Old Geezers Out to Lunch

Old Geezers Out to Lunch
The Geezers Emeritus through history: The Mathematician™, Dr. Golf™, The Professor™, and Mercurious™

Wednesday, April 3, 2013

A Pleasant Downtown Surprise

I found something of a gem today in downtown Minneapolis. Like most cities, our small midwestern enclave has striking little examples of very nice architecture that won't make any national registries but are still very nice in their own way. 

The Lumber Exchange is one such little gem in Minneapolis. It was built in 1885 to serve the bartering of timber goods in the upper midwest, much the same way the grain exchanges began to have their hey-day a few years later. The upper midwest was, of course, densely forested with amazing stands of pine in the 19th century, and this building served as a small "stock exchange" for the buying and selling of lumber moving down the upper Mississippi River and then onward to other US cities and foreign ports. 

(Actually, at the time the Exchange was built, furs and other traded goods could be transported south via river only this far due to white water rapids here, and then had to be transferred. A few years later, when the army corps of engineers constructed the lock-and-dam network to making full length river shipping a possibility, the gain and flour industry that was replacing the timber industry in the upper Midwest would find it possible to ship all the way to New Orleans via the mighty river. But before 1900 or so, the Grain Exchange, and indeed the city of Minneapolis itself, had sprouted because this was the spot where river transportation had to give way to wagons, trains, and other means of transporting traded goods from the north. The stretch of rapids here offered other benefits: it powered mills for sawing the timber into lumber, and later, grinding grain into flour.)

I have walked through this building at least a couple of times a week for five or six years now, because it is connected to other parts of downtown via skyway. Even in good weather, though, the hardwood and marble interior surfaces alway draw my attention. Though I know nothing about architecture, really, I certainly do know what appeals to me, and the Lumber Exchange is one such structure I'll go out of my way to see regularly. 

Today, though, I had to drop off some work-related paperwork at a lawyers office on the sixth floor of the Lumber Exchange building, and for the first time I used the elevator in the building. As I rose to the intended floor, I saw that the back of the elevator was glass paneled, and that once above the third floor, looked out upon an entirely walled off atrium that extended all the way from the third to the 12th floor. The enclosed atrium had a modern water feature in it, and was surrounded by small patio tables and park benches. Best of all, nobody at all seemed to be using it, even though we were in the heart of lunch hour.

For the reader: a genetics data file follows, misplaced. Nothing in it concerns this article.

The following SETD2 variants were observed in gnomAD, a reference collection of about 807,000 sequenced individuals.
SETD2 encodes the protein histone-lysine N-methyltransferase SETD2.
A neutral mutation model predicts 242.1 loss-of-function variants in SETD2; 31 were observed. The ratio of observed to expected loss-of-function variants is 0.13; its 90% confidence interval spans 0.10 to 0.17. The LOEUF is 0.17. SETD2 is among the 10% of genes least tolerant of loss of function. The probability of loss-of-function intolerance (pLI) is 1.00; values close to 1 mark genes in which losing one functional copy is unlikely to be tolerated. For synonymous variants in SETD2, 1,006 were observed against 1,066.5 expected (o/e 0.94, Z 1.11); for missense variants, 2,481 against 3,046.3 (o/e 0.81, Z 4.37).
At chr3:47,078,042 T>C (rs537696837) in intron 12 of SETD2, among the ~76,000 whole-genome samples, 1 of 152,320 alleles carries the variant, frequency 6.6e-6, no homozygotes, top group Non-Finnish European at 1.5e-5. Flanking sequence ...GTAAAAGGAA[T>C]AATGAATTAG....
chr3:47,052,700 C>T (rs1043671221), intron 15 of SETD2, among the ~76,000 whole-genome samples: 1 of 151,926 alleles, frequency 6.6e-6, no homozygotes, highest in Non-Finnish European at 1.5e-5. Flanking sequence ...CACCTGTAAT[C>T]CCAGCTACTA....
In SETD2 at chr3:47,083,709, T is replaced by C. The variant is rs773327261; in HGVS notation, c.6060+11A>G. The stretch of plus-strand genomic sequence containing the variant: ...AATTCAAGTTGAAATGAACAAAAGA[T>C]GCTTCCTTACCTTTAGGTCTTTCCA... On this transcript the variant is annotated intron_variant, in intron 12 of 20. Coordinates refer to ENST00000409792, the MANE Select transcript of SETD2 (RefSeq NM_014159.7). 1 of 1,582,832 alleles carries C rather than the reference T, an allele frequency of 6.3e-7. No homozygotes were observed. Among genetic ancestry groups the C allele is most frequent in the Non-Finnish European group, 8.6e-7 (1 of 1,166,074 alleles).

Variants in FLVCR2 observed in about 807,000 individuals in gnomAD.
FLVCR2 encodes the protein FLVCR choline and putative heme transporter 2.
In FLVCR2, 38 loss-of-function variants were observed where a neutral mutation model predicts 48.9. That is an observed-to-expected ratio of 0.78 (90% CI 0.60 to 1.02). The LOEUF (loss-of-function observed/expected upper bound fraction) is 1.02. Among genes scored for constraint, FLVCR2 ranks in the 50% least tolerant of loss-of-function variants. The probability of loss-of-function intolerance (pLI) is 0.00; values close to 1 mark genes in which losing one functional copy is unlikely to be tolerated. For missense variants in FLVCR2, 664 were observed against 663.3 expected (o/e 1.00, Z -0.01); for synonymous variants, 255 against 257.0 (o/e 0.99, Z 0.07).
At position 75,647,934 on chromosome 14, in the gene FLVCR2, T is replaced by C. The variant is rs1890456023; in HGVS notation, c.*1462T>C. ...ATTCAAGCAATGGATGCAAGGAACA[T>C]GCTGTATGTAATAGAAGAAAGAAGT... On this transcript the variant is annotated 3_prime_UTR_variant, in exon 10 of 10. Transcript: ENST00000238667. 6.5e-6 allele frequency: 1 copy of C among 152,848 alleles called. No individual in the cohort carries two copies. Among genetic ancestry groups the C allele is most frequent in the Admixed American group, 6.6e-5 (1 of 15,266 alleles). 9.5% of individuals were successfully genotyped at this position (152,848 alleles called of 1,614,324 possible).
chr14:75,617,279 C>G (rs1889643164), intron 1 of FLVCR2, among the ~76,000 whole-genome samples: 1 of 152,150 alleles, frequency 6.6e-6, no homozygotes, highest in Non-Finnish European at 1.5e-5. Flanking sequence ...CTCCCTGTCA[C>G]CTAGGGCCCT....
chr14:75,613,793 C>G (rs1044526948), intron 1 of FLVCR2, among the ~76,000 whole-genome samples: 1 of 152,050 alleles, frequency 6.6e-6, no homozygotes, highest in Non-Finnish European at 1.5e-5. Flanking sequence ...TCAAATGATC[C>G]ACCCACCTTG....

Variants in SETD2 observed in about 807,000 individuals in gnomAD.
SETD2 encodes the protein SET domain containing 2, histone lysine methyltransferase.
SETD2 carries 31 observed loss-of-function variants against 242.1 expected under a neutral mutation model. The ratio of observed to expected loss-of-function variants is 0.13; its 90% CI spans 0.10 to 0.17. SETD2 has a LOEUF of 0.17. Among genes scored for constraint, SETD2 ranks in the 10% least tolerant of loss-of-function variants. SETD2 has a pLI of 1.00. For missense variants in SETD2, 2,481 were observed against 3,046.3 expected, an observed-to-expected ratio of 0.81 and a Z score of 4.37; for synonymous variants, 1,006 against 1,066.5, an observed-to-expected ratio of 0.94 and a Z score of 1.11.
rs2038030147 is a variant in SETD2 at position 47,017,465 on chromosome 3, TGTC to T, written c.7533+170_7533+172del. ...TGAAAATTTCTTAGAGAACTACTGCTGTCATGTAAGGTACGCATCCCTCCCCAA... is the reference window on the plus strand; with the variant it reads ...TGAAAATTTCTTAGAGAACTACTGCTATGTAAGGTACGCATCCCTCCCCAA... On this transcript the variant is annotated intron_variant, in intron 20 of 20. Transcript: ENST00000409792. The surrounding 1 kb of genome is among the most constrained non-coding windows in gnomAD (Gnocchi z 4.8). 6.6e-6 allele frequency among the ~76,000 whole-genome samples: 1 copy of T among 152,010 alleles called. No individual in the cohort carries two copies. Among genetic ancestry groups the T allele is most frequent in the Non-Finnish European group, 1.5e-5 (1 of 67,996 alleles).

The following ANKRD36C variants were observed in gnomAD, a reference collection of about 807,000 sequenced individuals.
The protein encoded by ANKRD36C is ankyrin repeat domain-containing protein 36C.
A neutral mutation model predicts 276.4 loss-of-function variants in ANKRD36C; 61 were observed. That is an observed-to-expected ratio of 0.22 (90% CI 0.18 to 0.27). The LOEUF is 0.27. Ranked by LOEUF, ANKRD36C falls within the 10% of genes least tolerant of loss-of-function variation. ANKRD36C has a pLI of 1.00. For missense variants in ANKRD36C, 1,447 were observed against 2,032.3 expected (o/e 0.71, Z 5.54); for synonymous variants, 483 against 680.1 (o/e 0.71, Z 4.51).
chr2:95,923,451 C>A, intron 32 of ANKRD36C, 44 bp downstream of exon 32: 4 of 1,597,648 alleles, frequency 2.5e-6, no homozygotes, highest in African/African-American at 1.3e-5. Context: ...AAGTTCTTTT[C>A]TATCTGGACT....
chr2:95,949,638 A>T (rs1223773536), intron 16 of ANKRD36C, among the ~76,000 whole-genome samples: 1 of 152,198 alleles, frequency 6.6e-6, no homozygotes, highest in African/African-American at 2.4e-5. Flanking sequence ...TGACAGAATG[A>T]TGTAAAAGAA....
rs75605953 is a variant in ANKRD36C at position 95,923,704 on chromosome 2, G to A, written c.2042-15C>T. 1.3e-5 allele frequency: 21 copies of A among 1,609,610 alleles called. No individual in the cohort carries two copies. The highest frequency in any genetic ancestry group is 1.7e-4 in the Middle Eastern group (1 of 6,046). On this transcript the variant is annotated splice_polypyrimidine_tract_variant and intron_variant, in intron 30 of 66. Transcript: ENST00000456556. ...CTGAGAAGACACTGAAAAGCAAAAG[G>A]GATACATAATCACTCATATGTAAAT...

After running my errand, I got off on the third floor and entered the atrium. It had been formed, I saw, by closing off the alleys to seal the space between three separate building occupying the entire city block: the L-shaped Lumber Exchange, a modern addition to that structure added in perhaps the 1960's, and another building that is otherwise pretty ordinary. The roof area had then framed in by timbers and lined with skylights far above. The result was a restful little indoor park area, with dim diffused lighting offered by the sky far above that is augmented by period street lamps and fixtures attached to the old brickwork that once formed the back outside walls of the buildings within the back alleys. 

For the half hour I sat there quietly, not another soul appeared, and I realized I'd discovered a rather perfect place for a bit of quiet reflection on those days when the hustle of the office and downtown gets on my nerves. The sound and sight of running water from the fountain gives this space a very nice Zen-like aura.  On warm summer days, I have another outdoor park that serves this function, but on cold and rainy days (and they are plentiful in Minnesota) this new refuge will serve nicely. 

Such discoveries are the reason I'm constantly glad that we moved our office from sterile suburbs to an urban downtown.